Ian Harvey was CEO of BTG plc from 1985 until his retirement in 2004. He oversaw the privatisation of BTG in 1992, its public flotation in 1995, a demerger of part of its business and three Rights Issues totalling £250 million to raise business expansion capital from its shareholders. BTG was the world-leading technology commercialisation company which had been patenting and licensing globally since the early 1950s.
Following a degree in Mechanical Sciences from Cambridge University as an undergraduate apprentice, his early career was as an engineer for five years with Vickers and Laporte Industries in the civil, aerospace and chemical industries. After an MBA from Harvard Business School, he was with the World Bank for seven years in a variety of roles in South Asia and French-speaking West Africa.
He is: Adjunct Professor, Imperial College Business School, London and member of its IP Centre Advisory Board; Advisor to NTEM, Tianjin, China; and, a Fellow of the University of Nottingham. He is also a Member of: the Industry Joint Advisory Board, Center for IP Studies (CIP) Chalmers University of Technology, Göteborg University, Sweden and the Norwegian University of Science and Technology; and the Advisory Board, International Intellectual Property Institute, Washington DC. He has an honorary Doctorate from the University of Wolverhampton.
Other appointments have included: Chairman, IP Center Advisory Board, Tsinghua University x-lab, Beijing ( -2019); Chairman of the UK Intellectual Property Institute (1999-2011); Chairman of the UK government’s Intellectual Property Advisory Committee (2001-2005); UK Prime Minister’s Advisory Council on Science & Technology (1989-93); Advisory Panel for Science & Technology Policy Research Unit of Sussex University (SPRU) – (1989-2003); Air Products & Chemicals Inc. European Advisory Council (1999-2005); Policy Committee of Cancer Research UK (2004-6); Director, Primaxis Technology Ventures Inc., Toronto (1999-2005); Particle Physics and Astronomy Research Council Appointments Committee (1999-2008); Board, London Bioscience Innovation Centre (2006-14); Course Professor, Tsinghua School of Economics and Management, Beijing (2009-2018).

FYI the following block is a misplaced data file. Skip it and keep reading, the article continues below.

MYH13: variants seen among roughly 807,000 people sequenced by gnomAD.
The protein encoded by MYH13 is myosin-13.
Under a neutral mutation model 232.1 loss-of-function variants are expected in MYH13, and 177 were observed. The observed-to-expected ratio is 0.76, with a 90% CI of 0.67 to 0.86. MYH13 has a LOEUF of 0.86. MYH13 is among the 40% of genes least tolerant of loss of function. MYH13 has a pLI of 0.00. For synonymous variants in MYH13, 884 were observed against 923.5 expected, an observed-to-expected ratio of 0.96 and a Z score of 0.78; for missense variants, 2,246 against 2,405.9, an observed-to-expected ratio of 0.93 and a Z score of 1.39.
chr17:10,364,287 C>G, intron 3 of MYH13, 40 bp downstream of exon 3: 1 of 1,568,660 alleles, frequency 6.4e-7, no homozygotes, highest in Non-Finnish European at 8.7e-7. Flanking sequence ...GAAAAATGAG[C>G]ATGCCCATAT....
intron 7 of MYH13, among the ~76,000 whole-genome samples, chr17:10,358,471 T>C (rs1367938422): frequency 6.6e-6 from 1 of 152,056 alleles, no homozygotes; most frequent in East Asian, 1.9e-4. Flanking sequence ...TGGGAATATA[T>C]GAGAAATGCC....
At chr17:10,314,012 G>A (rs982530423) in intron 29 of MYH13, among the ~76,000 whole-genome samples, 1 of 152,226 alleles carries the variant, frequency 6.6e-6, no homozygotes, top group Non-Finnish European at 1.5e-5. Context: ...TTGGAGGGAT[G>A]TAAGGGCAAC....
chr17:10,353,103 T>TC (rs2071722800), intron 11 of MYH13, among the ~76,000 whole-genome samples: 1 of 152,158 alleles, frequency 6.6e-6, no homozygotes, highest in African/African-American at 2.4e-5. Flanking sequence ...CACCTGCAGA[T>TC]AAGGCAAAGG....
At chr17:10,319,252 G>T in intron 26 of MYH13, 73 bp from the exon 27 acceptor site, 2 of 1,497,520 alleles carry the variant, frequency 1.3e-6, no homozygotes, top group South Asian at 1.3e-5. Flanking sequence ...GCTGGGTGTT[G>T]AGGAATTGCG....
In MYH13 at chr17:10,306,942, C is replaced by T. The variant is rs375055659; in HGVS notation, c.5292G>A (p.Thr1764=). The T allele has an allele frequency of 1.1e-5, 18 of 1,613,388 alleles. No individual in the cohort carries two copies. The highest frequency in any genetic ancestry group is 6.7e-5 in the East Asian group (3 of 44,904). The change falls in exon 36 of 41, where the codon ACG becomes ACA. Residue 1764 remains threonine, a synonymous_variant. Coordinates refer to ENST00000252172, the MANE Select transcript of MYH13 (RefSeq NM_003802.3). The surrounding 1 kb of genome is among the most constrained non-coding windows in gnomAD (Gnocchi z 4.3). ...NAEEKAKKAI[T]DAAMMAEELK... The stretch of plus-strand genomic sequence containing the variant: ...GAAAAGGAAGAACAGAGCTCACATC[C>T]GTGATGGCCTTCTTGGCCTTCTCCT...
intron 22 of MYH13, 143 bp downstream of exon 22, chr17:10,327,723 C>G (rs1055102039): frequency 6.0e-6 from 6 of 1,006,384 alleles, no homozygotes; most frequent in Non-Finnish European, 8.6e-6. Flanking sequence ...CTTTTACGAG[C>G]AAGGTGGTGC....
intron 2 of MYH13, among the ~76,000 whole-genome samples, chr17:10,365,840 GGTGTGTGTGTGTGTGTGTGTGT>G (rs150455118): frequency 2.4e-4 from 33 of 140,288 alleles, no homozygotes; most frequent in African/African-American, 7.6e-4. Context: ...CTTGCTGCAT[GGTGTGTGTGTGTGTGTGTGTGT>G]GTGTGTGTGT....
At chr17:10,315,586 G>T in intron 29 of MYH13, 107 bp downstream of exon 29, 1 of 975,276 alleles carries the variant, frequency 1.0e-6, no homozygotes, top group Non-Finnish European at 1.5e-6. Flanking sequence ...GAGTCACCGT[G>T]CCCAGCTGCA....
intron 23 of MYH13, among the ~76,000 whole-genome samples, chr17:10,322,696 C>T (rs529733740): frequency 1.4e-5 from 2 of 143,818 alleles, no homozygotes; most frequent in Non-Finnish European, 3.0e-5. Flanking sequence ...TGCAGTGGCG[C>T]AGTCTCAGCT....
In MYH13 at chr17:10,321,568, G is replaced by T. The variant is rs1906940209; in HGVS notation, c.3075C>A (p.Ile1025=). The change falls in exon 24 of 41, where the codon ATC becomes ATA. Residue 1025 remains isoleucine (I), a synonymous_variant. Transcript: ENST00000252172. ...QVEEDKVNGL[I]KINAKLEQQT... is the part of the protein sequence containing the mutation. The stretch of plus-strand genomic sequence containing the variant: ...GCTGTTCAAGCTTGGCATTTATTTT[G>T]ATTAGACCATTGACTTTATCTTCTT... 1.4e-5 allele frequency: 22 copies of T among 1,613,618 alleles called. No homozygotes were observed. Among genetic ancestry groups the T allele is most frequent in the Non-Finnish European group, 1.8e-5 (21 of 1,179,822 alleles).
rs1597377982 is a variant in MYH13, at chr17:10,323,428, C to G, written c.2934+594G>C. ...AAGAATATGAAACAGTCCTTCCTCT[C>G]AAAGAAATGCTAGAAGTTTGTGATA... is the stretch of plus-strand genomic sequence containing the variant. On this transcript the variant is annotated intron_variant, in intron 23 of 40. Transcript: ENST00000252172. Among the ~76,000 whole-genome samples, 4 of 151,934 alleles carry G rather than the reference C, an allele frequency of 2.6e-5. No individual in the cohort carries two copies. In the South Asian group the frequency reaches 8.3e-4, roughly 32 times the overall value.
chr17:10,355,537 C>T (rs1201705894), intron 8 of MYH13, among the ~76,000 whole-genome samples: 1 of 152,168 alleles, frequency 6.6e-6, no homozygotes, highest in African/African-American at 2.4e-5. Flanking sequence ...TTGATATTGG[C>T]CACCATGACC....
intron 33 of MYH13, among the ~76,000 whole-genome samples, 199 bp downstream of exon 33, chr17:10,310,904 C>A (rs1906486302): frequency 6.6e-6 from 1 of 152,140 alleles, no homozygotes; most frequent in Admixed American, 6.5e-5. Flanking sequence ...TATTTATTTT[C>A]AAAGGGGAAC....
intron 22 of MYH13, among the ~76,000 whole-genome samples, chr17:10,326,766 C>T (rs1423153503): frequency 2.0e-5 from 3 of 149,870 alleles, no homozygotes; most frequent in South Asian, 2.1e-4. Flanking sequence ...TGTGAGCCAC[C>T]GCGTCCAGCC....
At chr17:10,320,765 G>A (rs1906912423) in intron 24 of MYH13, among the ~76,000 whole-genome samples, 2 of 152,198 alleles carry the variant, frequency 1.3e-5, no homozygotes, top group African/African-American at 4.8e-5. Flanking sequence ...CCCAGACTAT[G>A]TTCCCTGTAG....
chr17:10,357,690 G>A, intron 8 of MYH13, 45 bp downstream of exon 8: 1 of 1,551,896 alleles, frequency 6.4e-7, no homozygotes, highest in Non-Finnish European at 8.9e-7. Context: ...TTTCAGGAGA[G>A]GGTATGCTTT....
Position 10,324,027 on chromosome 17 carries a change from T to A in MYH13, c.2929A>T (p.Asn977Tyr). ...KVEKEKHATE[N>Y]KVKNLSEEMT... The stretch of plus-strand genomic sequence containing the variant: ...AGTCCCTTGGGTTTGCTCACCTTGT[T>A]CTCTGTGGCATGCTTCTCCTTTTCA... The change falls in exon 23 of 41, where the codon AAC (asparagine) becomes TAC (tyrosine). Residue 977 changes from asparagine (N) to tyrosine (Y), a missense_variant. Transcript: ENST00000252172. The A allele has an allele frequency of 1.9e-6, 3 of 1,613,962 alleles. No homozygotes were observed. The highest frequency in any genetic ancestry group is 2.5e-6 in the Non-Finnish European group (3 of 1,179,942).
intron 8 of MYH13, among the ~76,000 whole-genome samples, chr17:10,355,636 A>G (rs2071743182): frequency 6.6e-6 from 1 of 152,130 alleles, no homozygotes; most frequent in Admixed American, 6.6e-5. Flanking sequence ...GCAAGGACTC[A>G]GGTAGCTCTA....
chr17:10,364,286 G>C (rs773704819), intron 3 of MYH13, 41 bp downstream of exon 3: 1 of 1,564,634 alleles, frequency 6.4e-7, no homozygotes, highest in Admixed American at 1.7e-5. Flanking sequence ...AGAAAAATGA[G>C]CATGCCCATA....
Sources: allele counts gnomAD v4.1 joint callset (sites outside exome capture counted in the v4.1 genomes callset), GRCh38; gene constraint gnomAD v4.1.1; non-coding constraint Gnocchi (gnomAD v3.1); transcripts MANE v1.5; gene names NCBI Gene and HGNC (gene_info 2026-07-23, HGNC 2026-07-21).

He has been a student for many years of the history and trends of global invention and technology development and the closely-related role of IP. He has written many articles and book chapters and lectures widely on global intellectual property and technology issues, particularly as they relate to business. He is currently involved with the development of intellectual property in China and working for the teaching of intellectual property as a fundamental component of strategy in business school programmes worldwide.